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Quantitation and distribution of metallic elements in sequestra of medication-related osteonecrosis of jaw (MRONJ) using inductively coupled plasma atomic emission spectroscopy and synchrotron radiation X-ray fluorescence analysis

  • Ruri Komiya
  • Takahiro Wada
  • Fumihiko Tsushima
  • Kei Sakamoto
  • Tohru Ikeda
  • Akira Yamaguchi
  • Hiroyuki Harada
  • Motohiro UoEmail author
Original Article

Abstract

Medication-related osteonecrosis of the jaw (MRONJ) is a serious adverse effect of antiresorptive agents like bisphosphonates. Abnormal concentrations of various trace metallic elements contained in bone minerals have been associated with MRONJ. In this study, we focused on trace metallic elements contained in the MRONJ sequestrum; their content and distribution were compared to those in osteomyelitis and non-inflammatory bones using inductively coupled plasma atomic emission spectroscopy (ICP-AES) and synchrotron radiation X-ray fluorescence analysis (SR-XRF). On ICP-AES analyses, various trace elements (Co, Cr, Cu, Fe, K, Mg, Ni, Sb, Ti, V, Pb) were significantly more in MRONJ sequestra than non-inflammatory bones. The Cu content was significantly higher in MRONJ sequestra than osteomyelitis and non-inflammatory bones. The Cu content in MRONJ sequestra was high even after decalcification. Additionally, Cu was distributed along the trabecular structures in decalcified MRONJ specimens, as observed using SR-XRF analysis. Therefore, this study was indicative of the characteristic behavior of Cu in MRONJ.

Keywords

Medication-related osteonecrosis of the jaw (MRONJ) Trace metallic element Inductively coupled plasma atomic emission spectroscopy (ICP-AES) Synchrotron radiation X-ray fluorescence analysis (SR-XRF) 

Introduction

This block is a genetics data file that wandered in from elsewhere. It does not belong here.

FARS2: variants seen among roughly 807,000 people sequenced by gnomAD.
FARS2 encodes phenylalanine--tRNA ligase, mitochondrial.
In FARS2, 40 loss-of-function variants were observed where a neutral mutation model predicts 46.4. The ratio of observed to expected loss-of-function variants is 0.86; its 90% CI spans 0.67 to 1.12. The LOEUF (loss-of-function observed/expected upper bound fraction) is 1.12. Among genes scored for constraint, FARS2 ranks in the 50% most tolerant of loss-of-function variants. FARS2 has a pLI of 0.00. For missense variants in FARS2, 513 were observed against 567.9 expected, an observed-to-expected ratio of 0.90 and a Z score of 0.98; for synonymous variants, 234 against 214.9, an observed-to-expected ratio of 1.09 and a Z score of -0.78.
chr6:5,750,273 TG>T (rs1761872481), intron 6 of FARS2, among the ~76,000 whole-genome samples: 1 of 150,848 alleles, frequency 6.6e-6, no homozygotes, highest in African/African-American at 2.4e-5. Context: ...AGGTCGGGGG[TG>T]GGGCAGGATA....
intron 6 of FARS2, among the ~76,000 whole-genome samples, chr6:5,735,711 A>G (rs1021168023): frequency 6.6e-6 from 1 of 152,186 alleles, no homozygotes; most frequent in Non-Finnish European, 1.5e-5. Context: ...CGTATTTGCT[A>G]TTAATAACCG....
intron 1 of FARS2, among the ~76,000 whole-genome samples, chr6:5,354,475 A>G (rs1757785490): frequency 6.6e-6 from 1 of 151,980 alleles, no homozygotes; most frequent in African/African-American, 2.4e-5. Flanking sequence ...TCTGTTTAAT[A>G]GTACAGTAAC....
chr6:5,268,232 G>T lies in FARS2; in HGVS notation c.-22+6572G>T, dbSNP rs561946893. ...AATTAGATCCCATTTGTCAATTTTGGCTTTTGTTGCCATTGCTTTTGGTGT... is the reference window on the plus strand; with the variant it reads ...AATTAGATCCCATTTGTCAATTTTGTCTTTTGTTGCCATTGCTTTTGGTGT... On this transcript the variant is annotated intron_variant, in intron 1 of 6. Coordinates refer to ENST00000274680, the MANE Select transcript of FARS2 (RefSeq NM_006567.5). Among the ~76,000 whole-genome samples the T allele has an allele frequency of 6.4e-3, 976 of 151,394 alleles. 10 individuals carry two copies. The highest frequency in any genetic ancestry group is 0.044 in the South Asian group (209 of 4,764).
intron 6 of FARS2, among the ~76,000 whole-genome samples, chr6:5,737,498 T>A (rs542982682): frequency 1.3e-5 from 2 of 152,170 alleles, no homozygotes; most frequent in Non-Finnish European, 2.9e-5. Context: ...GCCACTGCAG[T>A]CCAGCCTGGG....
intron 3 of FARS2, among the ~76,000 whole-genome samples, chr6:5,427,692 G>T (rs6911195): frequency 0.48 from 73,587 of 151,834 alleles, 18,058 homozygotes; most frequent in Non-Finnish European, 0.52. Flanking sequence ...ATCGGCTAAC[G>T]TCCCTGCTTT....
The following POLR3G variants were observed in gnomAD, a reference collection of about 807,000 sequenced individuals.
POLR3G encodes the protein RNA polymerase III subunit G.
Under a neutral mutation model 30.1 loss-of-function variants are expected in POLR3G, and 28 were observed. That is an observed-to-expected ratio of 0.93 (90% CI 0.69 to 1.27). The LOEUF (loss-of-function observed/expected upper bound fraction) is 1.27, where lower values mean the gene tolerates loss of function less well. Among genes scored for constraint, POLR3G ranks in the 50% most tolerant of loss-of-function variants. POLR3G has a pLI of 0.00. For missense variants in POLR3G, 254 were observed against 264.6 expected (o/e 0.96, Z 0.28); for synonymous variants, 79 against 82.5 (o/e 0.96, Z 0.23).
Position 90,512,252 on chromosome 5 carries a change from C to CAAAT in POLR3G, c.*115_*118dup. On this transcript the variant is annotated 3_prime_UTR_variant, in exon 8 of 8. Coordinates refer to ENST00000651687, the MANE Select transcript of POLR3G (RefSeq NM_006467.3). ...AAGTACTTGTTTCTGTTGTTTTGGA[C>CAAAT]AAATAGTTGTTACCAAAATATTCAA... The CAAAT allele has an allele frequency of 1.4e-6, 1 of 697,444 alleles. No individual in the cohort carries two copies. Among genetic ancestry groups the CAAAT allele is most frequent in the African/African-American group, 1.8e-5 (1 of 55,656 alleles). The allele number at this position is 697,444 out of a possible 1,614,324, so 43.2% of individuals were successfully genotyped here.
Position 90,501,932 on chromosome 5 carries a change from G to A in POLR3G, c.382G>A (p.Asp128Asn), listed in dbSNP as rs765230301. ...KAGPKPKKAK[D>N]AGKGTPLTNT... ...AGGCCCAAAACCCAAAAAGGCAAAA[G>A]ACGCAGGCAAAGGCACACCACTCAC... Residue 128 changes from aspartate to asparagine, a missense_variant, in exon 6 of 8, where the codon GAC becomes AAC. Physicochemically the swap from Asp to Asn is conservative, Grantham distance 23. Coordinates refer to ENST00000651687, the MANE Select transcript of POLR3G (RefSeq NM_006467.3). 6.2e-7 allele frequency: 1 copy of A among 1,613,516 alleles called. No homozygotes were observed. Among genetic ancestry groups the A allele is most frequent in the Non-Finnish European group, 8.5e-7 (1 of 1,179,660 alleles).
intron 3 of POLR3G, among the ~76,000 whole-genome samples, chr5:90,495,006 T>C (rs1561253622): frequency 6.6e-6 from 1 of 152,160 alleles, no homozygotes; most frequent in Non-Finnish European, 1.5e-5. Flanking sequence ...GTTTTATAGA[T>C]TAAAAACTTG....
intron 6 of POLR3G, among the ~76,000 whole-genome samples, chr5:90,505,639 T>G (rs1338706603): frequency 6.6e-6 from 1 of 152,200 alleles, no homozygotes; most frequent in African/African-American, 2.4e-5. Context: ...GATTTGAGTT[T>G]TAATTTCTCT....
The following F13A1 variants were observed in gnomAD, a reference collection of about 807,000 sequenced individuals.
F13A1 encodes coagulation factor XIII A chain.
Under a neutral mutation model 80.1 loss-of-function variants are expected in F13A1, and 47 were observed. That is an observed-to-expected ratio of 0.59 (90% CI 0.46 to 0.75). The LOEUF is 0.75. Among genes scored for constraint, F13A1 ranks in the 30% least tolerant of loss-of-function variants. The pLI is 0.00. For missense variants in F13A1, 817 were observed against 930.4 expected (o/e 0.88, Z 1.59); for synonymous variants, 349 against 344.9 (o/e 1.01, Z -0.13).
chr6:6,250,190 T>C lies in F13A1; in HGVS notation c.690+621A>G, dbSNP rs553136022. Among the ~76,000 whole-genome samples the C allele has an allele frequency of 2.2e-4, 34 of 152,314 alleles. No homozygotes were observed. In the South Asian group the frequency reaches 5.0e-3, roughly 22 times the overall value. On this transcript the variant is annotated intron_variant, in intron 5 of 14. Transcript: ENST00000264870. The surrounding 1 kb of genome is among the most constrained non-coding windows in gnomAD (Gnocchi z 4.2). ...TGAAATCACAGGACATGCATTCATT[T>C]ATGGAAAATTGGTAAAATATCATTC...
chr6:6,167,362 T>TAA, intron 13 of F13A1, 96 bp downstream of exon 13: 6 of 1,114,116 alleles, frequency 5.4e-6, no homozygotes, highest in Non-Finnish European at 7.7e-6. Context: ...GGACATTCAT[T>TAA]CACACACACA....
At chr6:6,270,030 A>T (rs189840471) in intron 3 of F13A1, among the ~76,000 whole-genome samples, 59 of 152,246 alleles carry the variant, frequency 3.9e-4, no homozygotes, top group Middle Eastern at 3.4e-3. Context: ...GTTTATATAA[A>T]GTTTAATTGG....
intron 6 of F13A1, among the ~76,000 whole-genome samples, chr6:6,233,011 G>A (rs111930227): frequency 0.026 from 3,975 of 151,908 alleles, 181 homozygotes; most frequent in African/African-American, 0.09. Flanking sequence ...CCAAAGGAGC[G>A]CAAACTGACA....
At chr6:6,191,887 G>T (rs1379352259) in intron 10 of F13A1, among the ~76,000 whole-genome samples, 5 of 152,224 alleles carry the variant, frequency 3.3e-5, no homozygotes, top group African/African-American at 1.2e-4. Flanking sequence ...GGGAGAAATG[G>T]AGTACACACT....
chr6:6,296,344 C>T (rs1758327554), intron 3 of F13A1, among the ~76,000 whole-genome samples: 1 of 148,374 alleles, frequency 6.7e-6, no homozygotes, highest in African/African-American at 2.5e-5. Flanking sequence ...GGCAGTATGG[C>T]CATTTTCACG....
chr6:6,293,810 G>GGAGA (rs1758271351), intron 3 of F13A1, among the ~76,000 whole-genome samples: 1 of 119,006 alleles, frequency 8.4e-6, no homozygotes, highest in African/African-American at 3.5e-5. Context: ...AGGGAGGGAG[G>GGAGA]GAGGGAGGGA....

Medication-related osteonecrosis of the jaw (MRONJ) is a rare but serious adverse effect of antiresorptive or antiangiogenic agents that was first reported in 2003 in a patient who received bisphosphonate (BP) [1]. According to the American Association of Oral and Maxillofacial Surgeons, patients may be considered to have MRONJ if all of the following characteristics are present: (1) current or previous treatment with antiresorptive or antiangiogenic agents; (2) exposed bone or bone that can be probed through an intra-oral or extra-oral fistula in the maxillofacial region and that has persisted for more than 8 weeks; and (3) no history of radiation therapy to the jaws or obvious metastatic disease to the jaws [2]. The risk of developing MRONJ was reported to be 0.7–8.5% among cancer patients treated with BP therapy [3, 4]. The risk of MRONJ for osteoporosis patients receiving BP therapy was reported to be 0.1% but increases to 0.21% among patients with more than 4 years of oral BP exposure [5]. Recently, the risk for similar adverse effects was reported among patients receiving the receptor-activated nuclear factor kappa-B ligand (RANKL) inhibitor (denosumab), a different type of antiresorptive agent [6]. Importantly, invasive dental treatment—e.g., tooth extraction—triggers MRONJ in most cases [7]. However, the underlying mechanism of pathogenesis remains unclarified. To identify biomarkers associated with MRONJ, several studies have investigated changes in the chemical components of bones exhibiting MRONJ development [8, 9]; however, a clear association could not be found. On the other hand, various trace metallic elements contained in bone minerals offer an alternative avenue to study the pathogenesis of MRONJ. Cu and Zn are among the most typical factors assessed as potential markers by clinical laboratories. Concerning osteoporosis, disorder of plasma zinc (Zn) concentrations was reported among patients [10]. In addition, an association between BP treatment and decreases of Zn and Cu concentrations in the oral epithelium was reported by an animal experiment [11]. We aim to build upon such findings by focusing on the abnormal concentrations of trace metallic elements in patients with MRONJ sequestrum. A previous study that conducted a micro-scale elemental distribution analysis found an accumulation of Cu in the MRONJ sequestrum [12]. The present study performed a similar analysis using synchrotron radiation X-ray fluorescence (SR-XRF), a technique that emits extremely strong and highly collimated electromagnetic waves, including X-ray, and allows for high sensitivity in the analysis of micro-areas and the trace-element distribution of a specimen without inducing damage. However, accurate quantification of a trace element with SR-XRF is subject to limitations. The elemental distribution image that the method provides only indicates relative concentration. In addition, current SR-XRF facilities expose the optic to the air, which absorbs the fluorescent X-ray from light elements. The analysis of light elements (e.g., B, Al, Na), thus, becomes impossible. To reveal the effect of the trace elements in bone on MRONJ development, the quantitation of the trace metallic elements in MRONJ sequestra and a comparison of such data with other inflammatory or non-inflammatory disease bones were required to clarify the significance of the trace-element accumulation to the development of the condition. An alternative method was, therefore, required for the quantitative analysis of the trace elements in bones.